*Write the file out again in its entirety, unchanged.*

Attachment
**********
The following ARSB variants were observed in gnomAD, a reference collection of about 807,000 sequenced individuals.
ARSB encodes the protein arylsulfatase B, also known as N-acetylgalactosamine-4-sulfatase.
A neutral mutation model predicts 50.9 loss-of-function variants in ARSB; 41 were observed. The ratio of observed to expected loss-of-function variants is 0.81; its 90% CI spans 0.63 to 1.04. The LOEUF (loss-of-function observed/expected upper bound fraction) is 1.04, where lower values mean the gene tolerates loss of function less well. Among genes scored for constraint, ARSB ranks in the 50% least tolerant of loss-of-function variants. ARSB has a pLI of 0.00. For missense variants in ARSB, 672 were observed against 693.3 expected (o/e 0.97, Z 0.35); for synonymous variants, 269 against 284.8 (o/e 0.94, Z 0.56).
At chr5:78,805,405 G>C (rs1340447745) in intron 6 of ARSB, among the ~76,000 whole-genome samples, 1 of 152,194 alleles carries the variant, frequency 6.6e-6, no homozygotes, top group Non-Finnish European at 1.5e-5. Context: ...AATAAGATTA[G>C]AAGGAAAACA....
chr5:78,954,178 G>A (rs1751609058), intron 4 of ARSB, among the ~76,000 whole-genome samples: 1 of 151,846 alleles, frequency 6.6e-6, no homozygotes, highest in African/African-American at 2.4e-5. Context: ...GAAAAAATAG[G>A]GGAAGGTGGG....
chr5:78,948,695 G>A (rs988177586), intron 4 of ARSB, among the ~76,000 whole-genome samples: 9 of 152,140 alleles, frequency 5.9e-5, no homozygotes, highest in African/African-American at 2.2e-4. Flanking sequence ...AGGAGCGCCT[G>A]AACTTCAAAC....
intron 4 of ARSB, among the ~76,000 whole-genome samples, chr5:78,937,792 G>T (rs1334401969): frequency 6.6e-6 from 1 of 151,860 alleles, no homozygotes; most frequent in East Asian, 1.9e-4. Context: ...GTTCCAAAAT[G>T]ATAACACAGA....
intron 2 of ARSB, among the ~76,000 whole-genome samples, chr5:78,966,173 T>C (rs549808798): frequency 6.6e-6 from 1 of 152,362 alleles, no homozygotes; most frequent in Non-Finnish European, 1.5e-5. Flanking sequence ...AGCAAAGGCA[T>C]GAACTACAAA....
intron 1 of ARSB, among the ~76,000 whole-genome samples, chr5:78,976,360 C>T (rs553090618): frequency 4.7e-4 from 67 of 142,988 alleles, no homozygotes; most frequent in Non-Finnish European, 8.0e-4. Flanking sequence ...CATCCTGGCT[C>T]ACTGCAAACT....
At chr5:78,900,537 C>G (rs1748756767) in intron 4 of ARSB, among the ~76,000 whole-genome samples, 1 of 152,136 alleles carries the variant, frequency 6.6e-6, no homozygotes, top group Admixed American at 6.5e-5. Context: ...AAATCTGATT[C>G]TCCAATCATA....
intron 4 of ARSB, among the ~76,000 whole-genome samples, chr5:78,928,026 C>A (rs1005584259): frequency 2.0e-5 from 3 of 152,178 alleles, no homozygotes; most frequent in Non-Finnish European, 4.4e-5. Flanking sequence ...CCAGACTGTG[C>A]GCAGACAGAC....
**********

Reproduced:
The following ARSB variants were observed in gnomAD, a reference collection of about 807,000 sequenced individuals.
ARSB encodes the protein arylsulfatase B, also known as N-acetylgalactosamine-4-sulfatase.
A neutral mutation model predicts 50.9 loss-of-function variants in ARSB; 41 were observed. The ratio of observed to expected loss-of-function variants is 0.81; its 90% CI spans 0.63 to 1.04. The LOEUF (loss-of-function observed/expected upper bound fraction) is 1.04, where lower values mean the gene tolerates loss of function less well. Among genes scored for constraint, ARSB ranks in the 50% least tolerant of loss-of-function variants. ARSB has a pLI of 0.00. For missense variants in ARSB, 672 were observed against 693.3 expected (o/e 0.97, Z 0.35); for synonymous variants, 269 against 284.8 (o/e 0.94, Z 0.56).
At chr5:78,805,405 G>C (rs1340447745) in intron 6 of ARSB, among the ~76,000 whole-genome samples, 1 of 152,194 alleles carries the variant, frequency 6.6e-6, no homozygotes, top group Non-Finnish European at 1.5e-5. Context: ...AATAAGATTA[G>C]AAGGAAAACA....
chr5:78,954,178 G>A (rs1751609058), intron 4 of ARSB, among the ~76,000 whole-genome samples: 1 of 151,846 alleles, frequency 6.6e-6, no homozygotes, highest in African/African-American at 2.4e-5. Context: ...GAAAAAATAG[G>A]GGAAGGTGGG....
chr5:78,948,695 G>A (rs988177586), intron 4 of ARSB, among the ~76,000 whole-genome samples: 9 of 152,140 alleles, frequency 5.9e-5, no homozygotes, highest in African/African-American at 2.2e-4. Flanking sequence ...AGGAGCGCCT[G>A]AACTTCAAAC....
intron 4 of ARSB, among the ~76,000 whole-genome samples, chr5:78,937,792 G>T (rs1334401969): frequency 6.6e-6 from 1 of 151,860 alleles, no homozygotes; most frequent in East Asian, 1.9e-4. Context: ...GTTCCAAAAT[G>T]ATAACACAGA....
intron 2 of ARSB, among the ~76,000 whole-genome samples, chr5:78,966,173 T>C (rs549808798): frequency 6.6e-6 from 1 of 152,362 alleles, no homozygotes; most frequent in Non-Finnish European, 1.5e-5. Flanking sequence ...AGCAAAGGCA[T>C]GAACTACAAA....
intron 1 of ARSB, among the ~76,000 whole-genome samples, chr5:78,976,360 C>T (rs553090618): frequency 4.7e-4 from 67 of 142,988 alleles, no homozygotes; most frequent in Non-Finnish European, 8.0e-4. Flanking sequence ...CATCCTGGCT[C>T]ACTGCAAACT....
At chr5:78,900,537 C>G (rs1748756767) in intron 4 of ARSB, among the ~76,000 whole-genome samples, 1 of 152,136 alleles carries the variant, frequency 6.6e-6, no homozygotes, top group Admixed American at 6.5e-5. Context: ...AAATCTGATT[C>G]TCCAATCATA....
intron 4 of ARSB, among the ~76,000 whole-genome samples, chr5:78,928,026 C>A (rs1005584259): frequency 2.0e-5 from 3 of 152,178 alleles, no homozygotes; most frequent in Non-Finnish European, 4.4e-5. Flanking sequence ...CCAGACTGTG[C>A]GCAGACAGAC....